March 12, 2018 2 min read

Moving from standard time to daylight savings time signals spring's arrival is imminent!  I’ve got my seed catalog out. I’m looking. I’m planning. Herbs (especially flowering herbs) are my favorite. What will I try this year?

Most of my herbs are perennials or self-seeders. They will be back! Last year yarrow, fennel, dill, cilantro, oregano, lavender, thyme and calendula shared space around the patio. Yarrow in Laura's Garden

In a another spot, mint, tarragon and parsley jostled each other. Several types of sage, milkweed, hyssop, echinacea, chives, feverfew and more lavender lined the driveway fence. My two rosemary plants spent their winter in pots in a warm sunny window.Tarragon and Mint

Maybe this year, I’ll go Shakespearean with chamomile, cowslip, foxglove, savory, and marjoram. Or, I could go with Medieval-sounding plants like cleavers, compass plant, dragonwort, valerian or costmary. So many choices to enchant my garden!

I confine my herbs to certain fenced-in sections of my yard and near my kitchen door. They tend to spread and self-seed and intertwine to become an herbal jungle, which pleases me. This drives orderly gardeners like my dad crazy. He plants by the row–even his herbs! I do, however, thin out the more voracious plants so everyone gets enough space and sunshine.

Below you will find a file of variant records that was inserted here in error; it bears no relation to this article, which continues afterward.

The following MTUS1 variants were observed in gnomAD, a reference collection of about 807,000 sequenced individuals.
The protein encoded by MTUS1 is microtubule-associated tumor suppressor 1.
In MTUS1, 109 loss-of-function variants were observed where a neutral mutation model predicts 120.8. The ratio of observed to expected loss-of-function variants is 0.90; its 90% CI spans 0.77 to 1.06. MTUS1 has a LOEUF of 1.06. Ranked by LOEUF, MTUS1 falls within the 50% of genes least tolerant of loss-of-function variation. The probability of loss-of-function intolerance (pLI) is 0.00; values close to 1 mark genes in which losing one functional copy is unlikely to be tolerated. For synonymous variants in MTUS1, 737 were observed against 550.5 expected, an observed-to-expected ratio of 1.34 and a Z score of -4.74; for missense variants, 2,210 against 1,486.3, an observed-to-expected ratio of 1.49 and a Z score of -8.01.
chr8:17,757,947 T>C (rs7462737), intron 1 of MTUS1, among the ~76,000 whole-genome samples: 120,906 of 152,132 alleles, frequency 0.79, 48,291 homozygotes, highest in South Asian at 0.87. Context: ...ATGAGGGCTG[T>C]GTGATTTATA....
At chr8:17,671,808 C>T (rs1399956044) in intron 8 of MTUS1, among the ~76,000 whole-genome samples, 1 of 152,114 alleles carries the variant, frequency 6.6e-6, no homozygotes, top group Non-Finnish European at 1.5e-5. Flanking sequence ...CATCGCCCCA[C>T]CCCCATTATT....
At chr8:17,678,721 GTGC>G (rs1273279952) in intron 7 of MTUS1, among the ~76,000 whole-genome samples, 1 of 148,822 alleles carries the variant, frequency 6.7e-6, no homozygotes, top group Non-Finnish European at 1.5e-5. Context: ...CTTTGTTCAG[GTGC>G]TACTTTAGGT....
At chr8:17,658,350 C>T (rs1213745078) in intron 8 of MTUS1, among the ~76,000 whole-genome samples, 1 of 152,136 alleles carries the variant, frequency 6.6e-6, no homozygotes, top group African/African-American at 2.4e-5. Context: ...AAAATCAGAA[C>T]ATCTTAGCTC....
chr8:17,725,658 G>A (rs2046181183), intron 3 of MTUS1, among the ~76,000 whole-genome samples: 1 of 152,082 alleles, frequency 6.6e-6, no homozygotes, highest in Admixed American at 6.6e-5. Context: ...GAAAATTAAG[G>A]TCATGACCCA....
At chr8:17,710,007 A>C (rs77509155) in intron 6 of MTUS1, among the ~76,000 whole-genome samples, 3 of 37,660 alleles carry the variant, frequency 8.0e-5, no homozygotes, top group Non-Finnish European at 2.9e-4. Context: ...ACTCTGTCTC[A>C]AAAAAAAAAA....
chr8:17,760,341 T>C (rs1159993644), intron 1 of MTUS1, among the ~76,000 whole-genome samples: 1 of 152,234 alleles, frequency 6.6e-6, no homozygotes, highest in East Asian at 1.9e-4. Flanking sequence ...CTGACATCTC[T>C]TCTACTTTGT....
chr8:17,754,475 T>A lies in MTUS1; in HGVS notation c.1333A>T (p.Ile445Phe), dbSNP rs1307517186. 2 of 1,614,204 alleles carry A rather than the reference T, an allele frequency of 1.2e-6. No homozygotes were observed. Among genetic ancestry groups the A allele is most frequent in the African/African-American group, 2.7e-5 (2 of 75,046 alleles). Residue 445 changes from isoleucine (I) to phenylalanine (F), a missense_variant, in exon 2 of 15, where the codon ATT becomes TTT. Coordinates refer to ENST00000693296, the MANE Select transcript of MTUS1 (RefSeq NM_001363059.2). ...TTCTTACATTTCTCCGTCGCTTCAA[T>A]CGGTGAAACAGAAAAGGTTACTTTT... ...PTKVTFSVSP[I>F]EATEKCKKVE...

Despite good intentions to make my own essential oils or stock my herb cabinet, I've proven inconsistent. Last summer, however, the oregano began to take over more than its fair share of space, so I harvested enough to spice up our homemade pizzas all winter! I also dried several quart jars worth of mint for tea. But generally, my plantings benefit the creatures and my aesthetics more than our table or medicine cabinet. I love the clouds of little herb flowers when they are all blooming and at their peak–and so do the butterflies and bees. (I keep encouraging myself about that although the snow is still falling.)

Considering an herb garden for the first time? They're easy to grow–even in pots on a balcony or patio.  Click herefor a link to the Iowa Extension Office’s article to help first-time herb growers.  Or here for a great article by the Pennsylvania Extension on herb gardening in general. 

Whether you plant by the row, scatter the seed, grow them in pots, or jumble your plants together like me, enjoy the short season of planning before spring bursts upon us! And, while you’re at it, consider incorporating some of these fun floral flags in your garden planning and shopping as well! I particularly like the two featured below (click on the picture to get more info):

Hummingbird Flag

Daffodil two sided flag

By the way, I think I'm going with Chamomile and Valerian! What will you plant?

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